In the gastrointestinal tract, the absorption of water and nutrients occurs as normal part of digestion. In the intestine, impaired sodium absorption results in decreased water absorption and diarrhea. In diarrheal diseases, elevation of intracellular second messengers, such as calcium (Ca2+), by neurohumoral substances and bacterial toxins results in decreased sodium absorption in the intestine and colon. The sodium/hydrogen exchanger (NHE) gene family plays an integral role in sodium absorption in the mammalian intestine. Regulation of brush border NHE3 accounts for most of the recognized digestive changes in sodium absorption which occur during digestion as well as the inhibition of sodium absorption that occurs during diarrhea. Inhibition of NHE3 activity by intracellular Ca2+ may involve the participation of phospholipase C gamma (PLCg), however the mechanism responsible for Ca2+ regulation of NHE3 activity is not well understood. Bioinformatics analysis has suggested PLCg may regulate NHE3 through a direct protein-protein interaction and results in the formation of an intermolecular PH domain. Therefore, the current study is designed to test the hypothesis that (1) NHE3 and PLCg directly interact;(2) PLCg contributes to basal activity and is necessary forCa2+ inhibition of NHE3 activity;(3) PLCg scaffolds NHE3 to signaling proteins, such as c-Src, which are required for proper function and regulation of NHE3 activity;(4) NHE3 and PLCg binding results in the formation of an intermolecular PH domain which regulates NHE3 activity by binding specific phospholipids in lipid raft microdomains of intestinal epithelial cells. To answer these questions, the principal investigator will utilize in vitro binding assays(e.g. pull-down, yeast two-hybrid) to determine the amino acids within NHE3, by mutagenesis, that are responsible for direct binding to PLCg. Investigator will determine the consequence of preventing PLCg binding to NHE3 on basal andCa2+ inhibition of NHE3 activity. Biochemical studies, including sucrose density gradient centrifugation, will be performed to analyze the contribution of PLCg on formation of NHE3 complexes. Finally, the investigator will perform lipid binding assays to uncover novel interactions between phospholipids and NHE3 as predicted by bioinformatics analysis. The results of this study will provide novel insights into the role of PLCg in regulation of NHE3 activity to further understand sodium absorption in digestion and diarrheal diseases.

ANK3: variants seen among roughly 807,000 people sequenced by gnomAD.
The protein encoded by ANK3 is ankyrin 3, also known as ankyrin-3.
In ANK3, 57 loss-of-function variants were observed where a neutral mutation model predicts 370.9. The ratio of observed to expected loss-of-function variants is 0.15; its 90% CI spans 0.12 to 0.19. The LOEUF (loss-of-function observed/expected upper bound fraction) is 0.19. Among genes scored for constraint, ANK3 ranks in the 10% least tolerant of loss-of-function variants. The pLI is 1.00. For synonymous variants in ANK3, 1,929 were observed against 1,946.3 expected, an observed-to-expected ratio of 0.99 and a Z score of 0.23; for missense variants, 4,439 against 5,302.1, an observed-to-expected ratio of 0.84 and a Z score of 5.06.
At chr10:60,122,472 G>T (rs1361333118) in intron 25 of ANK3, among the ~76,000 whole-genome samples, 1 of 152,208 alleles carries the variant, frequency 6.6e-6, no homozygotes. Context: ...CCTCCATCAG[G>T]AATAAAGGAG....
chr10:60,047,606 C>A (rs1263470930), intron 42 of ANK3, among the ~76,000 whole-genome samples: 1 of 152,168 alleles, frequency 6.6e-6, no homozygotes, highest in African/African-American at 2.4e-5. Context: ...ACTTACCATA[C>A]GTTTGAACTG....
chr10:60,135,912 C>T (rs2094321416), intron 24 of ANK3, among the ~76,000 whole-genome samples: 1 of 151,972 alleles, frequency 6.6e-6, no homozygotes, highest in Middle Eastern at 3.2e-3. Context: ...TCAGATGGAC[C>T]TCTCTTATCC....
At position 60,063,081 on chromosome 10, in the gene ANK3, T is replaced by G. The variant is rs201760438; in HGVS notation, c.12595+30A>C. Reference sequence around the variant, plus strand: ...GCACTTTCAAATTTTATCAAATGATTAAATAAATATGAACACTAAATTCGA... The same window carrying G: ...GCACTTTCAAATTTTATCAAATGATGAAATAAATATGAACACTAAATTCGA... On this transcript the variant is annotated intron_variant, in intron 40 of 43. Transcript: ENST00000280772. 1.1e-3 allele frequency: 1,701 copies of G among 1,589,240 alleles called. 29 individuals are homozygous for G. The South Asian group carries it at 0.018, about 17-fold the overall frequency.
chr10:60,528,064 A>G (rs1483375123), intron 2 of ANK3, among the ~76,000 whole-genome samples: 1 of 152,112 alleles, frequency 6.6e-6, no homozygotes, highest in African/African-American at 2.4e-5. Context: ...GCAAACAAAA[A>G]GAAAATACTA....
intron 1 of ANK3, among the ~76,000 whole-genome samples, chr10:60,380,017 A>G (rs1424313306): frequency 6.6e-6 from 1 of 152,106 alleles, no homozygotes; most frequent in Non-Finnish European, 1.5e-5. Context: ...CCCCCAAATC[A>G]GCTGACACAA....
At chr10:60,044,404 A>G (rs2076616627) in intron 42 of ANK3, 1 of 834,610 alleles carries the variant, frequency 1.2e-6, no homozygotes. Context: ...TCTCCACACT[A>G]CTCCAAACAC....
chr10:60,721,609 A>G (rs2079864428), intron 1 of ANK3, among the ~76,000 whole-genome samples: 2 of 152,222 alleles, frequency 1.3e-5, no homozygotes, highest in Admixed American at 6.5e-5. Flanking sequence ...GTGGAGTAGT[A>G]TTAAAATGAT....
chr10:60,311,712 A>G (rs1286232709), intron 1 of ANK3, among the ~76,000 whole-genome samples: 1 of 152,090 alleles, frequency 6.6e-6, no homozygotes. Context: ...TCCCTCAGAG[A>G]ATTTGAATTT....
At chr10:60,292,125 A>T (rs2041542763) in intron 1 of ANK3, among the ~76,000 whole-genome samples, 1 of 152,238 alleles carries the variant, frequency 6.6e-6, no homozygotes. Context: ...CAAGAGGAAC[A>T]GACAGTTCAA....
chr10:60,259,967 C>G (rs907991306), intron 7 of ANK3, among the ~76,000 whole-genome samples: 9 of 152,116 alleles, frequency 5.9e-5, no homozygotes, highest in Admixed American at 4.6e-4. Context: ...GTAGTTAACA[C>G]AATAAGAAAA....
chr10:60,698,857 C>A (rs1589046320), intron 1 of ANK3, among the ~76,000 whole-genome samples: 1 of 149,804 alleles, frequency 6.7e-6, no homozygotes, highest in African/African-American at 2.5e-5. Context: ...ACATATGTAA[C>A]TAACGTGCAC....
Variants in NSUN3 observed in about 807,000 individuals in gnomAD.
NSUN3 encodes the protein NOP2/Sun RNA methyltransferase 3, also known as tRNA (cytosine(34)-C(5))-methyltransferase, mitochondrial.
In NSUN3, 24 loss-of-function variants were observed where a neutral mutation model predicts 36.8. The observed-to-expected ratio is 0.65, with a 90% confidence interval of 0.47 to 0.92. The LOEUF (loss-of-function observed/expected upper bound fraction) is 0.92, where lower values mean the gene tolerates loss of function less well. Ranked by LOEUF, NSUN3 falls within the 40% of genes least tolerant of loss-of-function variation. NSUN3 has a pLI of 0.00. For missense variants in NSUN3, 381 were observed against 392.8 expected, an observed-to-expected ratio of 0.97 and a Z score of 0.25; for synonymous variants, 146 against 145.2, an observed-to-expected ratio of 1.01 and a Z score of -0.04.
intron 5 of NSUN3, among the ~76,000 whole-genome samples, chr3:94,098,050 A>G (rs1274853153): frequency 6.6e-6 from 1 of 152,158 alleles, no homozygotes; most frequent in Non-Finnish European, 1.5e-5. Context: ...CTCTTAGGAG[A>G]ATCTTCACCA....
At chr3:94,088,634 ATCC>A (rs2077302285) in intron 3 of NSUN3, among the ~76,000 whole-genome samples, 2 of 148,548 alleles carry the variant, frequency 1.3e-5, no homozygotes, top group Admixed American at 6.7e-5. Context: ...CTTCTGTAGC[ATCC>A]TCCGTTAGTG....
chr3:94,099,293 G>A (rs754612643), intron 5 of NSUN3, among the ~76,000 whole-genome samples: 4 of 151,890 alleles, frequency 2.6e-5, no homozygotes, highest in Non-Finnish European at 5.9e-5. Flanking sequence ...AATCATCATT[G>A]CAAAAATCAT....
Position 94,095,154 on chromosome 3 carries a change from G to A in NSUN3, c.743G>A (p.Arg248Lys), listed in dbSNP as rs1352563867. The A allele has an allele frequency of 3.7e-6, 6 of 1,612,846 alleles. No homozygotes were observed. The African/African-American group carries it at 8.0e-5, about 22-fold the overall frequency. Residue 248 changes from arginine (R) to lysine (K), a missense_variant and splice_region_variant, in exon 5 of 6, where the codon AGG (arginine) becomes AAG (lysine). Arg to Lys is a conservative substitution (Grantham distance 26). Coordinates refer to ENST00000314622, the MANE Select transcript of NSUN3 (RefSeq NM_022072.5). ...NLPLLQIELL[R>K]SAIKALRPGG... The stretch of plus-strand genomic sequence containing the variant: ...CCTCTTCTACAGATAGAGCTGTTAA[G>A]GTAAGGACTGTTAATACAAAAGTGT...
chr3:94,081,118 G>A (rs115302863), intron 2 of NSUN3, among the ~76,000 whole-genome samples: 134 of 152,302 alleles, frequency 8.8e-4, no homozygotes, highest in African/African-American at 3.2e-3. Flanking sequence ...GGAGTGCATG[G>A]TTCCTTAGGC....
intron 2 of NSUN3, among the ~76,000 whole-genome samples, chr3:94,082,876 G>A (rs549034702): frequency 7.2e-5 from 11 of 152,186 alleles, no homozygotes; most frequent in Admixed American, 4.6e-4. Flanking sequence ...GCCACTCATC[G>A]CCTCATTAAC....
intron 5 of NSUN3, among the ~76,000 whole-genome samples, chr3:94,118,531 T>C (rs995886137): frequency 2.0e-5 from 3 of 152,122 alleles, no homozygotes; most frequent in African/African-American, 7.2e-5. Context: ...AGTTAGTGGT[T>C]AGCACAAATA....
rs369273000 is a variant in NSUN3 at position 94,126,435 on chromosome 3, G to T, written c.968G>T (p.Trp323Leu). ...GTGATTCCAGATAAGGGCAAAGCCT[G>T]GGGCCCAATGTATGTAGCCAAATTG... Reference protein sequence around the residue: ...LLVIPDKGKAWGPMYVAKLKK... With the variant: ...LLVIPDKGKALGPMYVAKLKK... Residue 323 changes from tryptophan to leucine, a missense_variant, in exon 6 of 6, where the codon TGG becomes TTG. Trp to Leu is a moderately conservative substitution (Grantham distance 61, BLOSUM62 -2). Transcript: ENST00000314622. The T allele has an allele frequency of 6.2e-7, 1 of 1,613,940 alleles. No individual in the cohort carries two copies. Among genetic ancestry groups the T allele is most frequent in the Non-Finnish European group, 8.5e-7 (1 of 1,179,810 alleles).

Public Health Relevance

In the small intestine and colon, regulation of NHE3 activity accounts for most of the recognized changes in sodium absorption which occur during digestion as well as the inhibition of sodium absorption that occurs during diarrhea. Inhibition of NHE3 activity by intracellular calcium may involve the participation of PLCg, however, the mechansim [sic] responsible for the regulation is not well understood. The current study will provide novel insights into understanding the role of PLCg in regulating NHE3 activity in digestion and diarrhea.

Agency
National Institute of Health (NIH)
Institute
National Institute of Diabetes and Digestive and Kidney Diseases (NIDDK)
Type
Research Scientist Development Award - Research & Training (K01)
Project #
5K01DK080930-04
Application #
8131791
Study Section
Diabetes, Endocrinology and Metabolic Diseases B Subcommittee (DDK)
Program Officer
Podskalny, Judith M,
Project Start
2008-09-20
Project End
2012-12-31
Budget Start
2011-09-01
Budget End
2012-12-31
Support Year
4
Fiscal Year
2011
Total Cost
$152,095
Indirect Cost
Name
Johns Hopkins University
Department
Internal Medicine/Medicine
Type
Schools of Medicine
DUNS #
001910777
City
Baltimore
State
MD
Country
United States
Zip Code
21218
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Donowitz, M; Singh, S; Singh, P et al. (2010) Alterations in the proteome of the NHERF1 knockout mouse jejunal brush border membrane vesicles. Physiol Genomics 42A:200-10
Mohan, Sachin; Tse, Chung Ming; Gabelli, Sandra B et al. (2010) NHE3 activity is dependent on direct phosphoinositide binding at the N terminus of its intracellular cytosolic region. J Biol Chem 285:34566-78

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